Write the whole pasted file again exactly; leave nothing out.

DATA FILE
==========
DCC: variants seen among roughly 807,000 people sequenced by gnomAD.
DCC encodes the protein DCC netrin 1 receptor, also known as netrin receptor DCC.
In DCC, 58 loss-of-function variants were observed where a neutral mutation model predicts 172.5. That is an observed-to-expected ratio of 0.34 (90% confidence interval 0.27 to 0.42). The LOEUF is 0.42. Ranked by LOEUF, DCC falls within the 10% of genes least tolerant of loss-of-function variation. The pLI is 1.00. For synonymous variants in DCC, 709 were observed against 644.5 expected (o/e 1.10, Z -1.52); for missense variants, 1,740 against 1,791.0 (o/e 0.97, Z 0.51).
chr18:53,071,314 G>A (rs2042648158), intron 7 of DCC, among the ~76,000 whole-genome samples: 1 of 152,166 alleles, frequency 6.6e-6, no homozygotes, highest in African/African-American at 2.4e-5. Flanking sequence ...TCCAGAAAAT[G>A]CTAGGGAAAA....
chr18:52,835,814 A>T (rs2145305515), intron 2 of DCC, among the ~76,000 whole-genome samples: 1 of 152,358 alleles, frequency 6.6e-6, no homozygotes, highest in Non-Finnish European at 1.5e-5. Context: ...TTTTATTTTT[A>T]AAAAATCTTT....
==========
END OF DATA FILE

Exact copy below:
DCC: variants seen among roughly 807,000 people sequenced by gnomAD.
DCC encodes the protein DCC netrin 1 receptor, also known as netrin receptor DCC.
In DCC, 58 loss-of-function variants were observed where a neutral mutation model predicts 172.5. That is an observed-to-expected ratio of 0.34 (90% confidence interval 0.27 to 0.42). The LOEUF is 0.42. Ranked by LOEUF, DCC falls within the 10% of genes least tolerant of loss-of-function variation. The pLI is 1.00. For synonymous variants in DCC, 709 were observed against 644.5 expected (o/e 1.10, Z -1.52); for missense variants, 1,740 against 1,791.0 (o/e 0.97, Z 0.51).
chr18:53,071,314 G>A (rs2042648158), intron 7 of DCC, among the ~76,000 whole-genome samples: 1 of 152,166 alleles, frequency 6.6e-6, no homozygotes, highest in African/African-American at 2.4e-5. Flanking sequence ...TCCAGAAAAT[G>A]CTAGGGAAAA....
chr18:52,835,814 A>T (rs2145305515), intron 2 of DCC, among the ~76,000 whole-genome samples: 1 of 152,358 alleles, frequency 6.6e-6, no homozygotes, highest in Non-Finnish European at 1.5e-5. Context: ...TTTTATTTTT[A>T]AAAAATCTTT....